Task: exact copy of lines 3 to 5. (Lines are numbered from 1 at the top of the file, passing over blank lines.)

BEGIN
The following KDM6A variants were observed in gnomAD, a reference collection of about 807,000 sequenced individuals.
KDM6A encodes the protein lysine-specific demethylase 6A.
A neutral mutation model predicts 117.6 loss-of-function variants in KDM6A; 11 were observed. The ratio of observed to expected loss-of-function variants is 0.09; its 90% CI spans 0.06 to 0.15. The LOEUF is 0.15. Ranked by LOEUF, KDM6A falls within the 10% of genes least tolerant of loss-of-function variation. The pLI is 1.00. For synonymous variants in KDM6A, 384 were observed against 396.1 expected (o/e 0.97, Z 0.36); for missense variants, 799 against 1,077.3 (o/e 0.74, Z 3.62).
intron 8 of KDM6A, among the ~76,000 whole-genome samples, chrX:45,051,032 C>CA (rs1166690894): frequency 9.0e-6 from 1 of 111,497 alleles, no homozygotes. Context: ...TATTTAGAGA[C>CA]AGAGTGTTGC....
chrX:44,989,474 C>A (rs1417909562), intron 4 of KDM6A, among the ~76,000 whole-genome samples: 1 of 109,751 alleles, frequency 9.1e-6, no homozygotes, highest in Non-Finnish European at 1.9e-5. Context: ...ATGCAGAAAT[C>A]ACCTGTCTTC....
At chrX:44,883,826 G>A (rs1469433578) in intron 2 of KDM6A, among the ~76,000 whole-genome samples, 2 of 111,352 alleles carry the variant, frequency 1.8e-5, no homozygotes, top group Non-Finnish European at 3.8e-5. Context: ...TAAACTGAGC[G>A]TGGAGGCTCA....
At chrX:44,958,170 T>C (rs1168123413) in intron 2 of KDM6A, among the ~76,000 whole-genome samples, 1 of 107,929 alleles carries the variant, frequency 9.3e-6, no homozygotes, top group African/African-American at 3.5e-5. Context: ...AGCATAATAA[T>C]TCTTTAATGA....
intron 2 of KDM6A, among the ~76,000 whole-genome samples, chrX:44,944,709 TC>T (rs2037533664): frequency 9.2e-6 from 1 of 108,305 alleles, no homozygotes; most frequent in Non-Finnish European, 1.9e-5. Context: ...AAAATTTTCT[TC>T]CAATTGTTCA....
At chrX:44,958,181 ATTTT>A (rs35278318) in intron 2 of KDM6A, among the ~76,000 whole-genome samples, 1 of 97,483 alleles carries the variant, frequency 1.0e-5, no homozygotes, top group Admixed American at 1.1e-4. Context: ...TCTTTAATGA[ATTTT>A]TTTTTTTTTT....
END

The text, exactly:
A neutral mutation model predicts 117.6 loss-of-function variants in KDM6A; 11 were observed. The ratio of observed to expected loss-of-function variants is 0.09; its 90% CI spans 0.06 to 0.15. The LOEUF is 0.15. Ranked by LOEUF, KDM6A falls within the 10% of genes least tolerant of loss-of-function variation. The pLI is 1.00. For synonymous variants in KDM6A, 384 were observed against 396.1 expected (o/e 0.97, Z 0.36); for missense variants, 799 against 1,077.3 (o/e 0.74, Z 3.62).
intron 8 of KDM6A, among the ~76,000 whole-genome samples, chrX:45,051,032 C>CA (rs1166690894): frequency 9.0e-6 from 1 of 111,497 alleles, no homozygotes. Context: ...TATTTAGAGA[C>CA]AGAGTGTTGC....
chrX:44,989,474 C>A (rs1417909562), intron 4 of KDM6A, among the ~76,000 whole-genome samples: 1 of 109,751 alleles, frequency 9.1e-6, no homozygotes, highest in Non-Finnish European at 1.9e-5. Context: ...ATGCAGAAAT[C>A]ACCTGTCTTC....